The individuals I met from the US were from a variety of different backgrounds. Some were not educators but worked with at-risk youth and this conference helped spur ideas for them to approach alternative methods of reaching out. Many were homeschoolers, or worked with/for organizations knitted to homeschoolers. Many were affiliated with organizations that are involved in education one way or another, but are not schools themselves, and the hybrids always exist.

There were certainly, and always will be the bulls#!%%3rs too. The sellers. The ones who don’t really have a contribution but want to be known, or want to profit from the event. I came across a couple but it was not overwhelming. Thank goodness for that.

I found out about a program in my area called Innovation Labs. The website is www.redefineschool.com, and I poked around a little before writing this. I just might have to get in touch and see what I can do to help the educational community in my school district.

And then there is AERO. The Alternative Education Resource Organization, which can be visited via http://www.educationrevolution.org/. This is a great network of alternative education resources, if you are interested in the alternatives in your area, or perhaps just in your interest it might be worth taking a gander.

In the end I can say there is a lot of movement within the realm of reforming education, and there has been for quite some time. It seems to be the conflict, however, that an alternative system only works for a small group of people. When you have a lot of students to manage, the oversight has to be systematic. And yes, the drawback is the uniformity of education, but the advantage is cohesiveness and coherency. I think what many educators who are involved in Democratic Education are pushing to change is the way we view our understanding of how the system should function.
The afternoon workshop I chose to attend was titled “Intersection of Formal and Informal Education”. There was some controversy as to whether there is even a difference, and the underlying assumption among all the participants (at least it seemed this way) was that an “Informal” education was better or more important in some way. Sometimes these things go unspoken, but are present and unquestioned.

In my Philosophical studies I have come to realize one very important thing about life, and I remind people of this on a regular basis. There is idealism- what things ought to be like, and there is realism- how things are. We can strive for the ideal but the realism sets in when we accept that there are practical limitations.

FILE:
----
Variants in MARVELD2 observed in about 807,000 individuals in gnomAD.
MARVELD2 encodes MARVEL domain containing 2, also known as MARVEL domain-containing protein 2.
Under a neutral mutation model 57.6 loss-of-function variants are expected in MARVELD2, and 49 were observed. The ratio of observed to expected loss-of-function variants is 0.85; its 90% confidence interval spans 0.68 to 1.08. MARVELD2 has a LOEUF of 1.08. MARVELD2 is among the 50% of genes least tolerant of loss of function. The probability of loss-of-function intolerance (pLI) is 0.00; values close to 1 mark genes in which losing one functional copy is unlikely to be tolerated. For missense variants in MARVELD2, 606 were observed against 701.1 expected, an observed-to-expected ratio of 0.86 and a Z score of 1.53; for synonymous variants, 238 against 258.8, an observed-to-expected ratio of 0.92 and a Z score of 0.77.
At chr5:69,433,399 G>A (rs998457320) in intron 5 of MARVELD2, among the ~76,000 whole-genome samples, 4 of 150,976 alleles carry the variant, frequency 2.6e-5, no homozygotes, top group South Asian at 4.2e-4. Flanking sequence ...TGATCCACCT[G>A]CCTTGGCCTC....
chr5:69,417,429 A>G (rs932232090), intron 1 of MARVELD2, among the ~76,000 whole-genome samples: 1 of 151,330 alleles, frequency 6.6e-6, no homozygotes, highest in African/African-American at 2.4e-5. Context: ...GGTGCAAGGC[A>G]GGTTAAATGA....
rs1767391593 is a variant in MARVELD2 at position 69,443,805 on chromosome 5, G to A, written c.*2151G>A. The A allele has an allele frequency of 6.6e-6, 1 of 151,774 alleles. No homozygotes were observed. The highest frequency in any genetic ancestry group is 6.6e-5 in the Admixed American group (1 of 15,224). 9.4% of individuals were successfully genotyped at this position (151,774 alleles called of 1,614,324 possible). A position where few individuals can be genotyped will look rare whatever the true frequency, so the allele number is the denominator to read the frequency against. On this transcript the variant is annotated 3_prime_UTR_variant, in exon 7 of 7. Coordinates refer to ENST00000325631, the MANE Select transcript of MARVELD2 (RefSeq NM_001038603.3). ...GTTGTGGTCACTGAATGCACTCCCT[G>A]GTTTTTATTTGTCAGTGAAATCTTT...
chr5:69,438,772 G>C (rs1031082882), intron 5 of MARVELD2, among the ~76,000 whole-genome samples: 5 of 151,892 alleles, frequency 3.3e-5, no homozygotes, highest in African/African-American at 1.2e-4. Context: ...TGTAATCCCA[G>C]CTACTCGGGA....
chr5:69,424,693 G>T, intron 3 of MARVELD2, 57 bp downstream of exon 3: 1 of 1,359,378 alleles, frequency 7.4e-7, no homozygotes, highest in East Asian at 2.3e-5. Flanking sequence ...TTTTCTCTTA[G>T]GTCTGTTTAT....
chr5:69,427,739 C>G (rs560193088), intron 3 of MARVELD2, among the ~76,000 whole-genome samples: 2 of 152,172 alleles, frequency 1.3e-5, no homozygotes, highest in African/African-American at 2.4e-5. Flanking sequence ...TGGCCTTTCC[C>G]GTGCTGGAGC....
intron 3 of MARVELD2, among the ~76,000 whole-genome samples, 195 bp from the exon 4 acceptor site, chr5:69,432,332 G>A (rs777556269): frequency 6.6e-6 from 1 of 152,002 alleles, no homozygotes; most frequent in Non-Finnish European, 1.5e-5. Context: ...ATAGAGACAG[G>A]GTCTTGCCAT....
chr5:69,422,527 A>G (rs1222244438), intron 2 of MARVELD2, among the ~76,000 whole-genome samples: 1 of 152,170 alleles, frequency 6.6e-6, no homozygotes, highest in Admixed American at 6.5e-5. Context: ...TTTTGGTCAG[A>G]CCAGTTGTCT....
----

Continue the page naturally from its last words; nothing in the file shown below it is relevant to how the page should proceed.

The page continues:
In the case of education, we have the application of “Democratic” education as the practical limitation. This means for each educator how to facilitate and manage, and oversee, and guide, and mentor a large body of individual needs. Every educator would be spread so thin the quality of their work would necessarily be undermined. There simply aren’t enough hours in the day. The systems (or un”systematic” systems) that are present and successful in alternative education tend to be of the smaller student:teacher ratio, and of the smaller subset of the population.

One person being interviewed said it all in one word: money.

Until our educational systems are seen as relevant enough to warrant enough of our collective contributions, there will not be enough individualized attention in education. We will have systems in place that are best suited to address the more basic needs of every student, even if the approach is rigorous and boring. As my educator friend said to me, “how does 2 teachers take 80 students on a weeklong backpacking trip?” My answer, now clear to me, “you don’t.. we do”.

That is the key. Education is not something someone else does for us. It is something we all do together, and for each other. Education is not something that happens in a building, or on a chalkboard. I mean, it can happen there too, but real learning comes from everywhere and anywhere. We have to not only open our eyes, but our minds too. We all learn in many different places, of course. I think it is important to recognize when we are learning, and how we are learning so we can strengthen and perpetuate our methods to be most effective.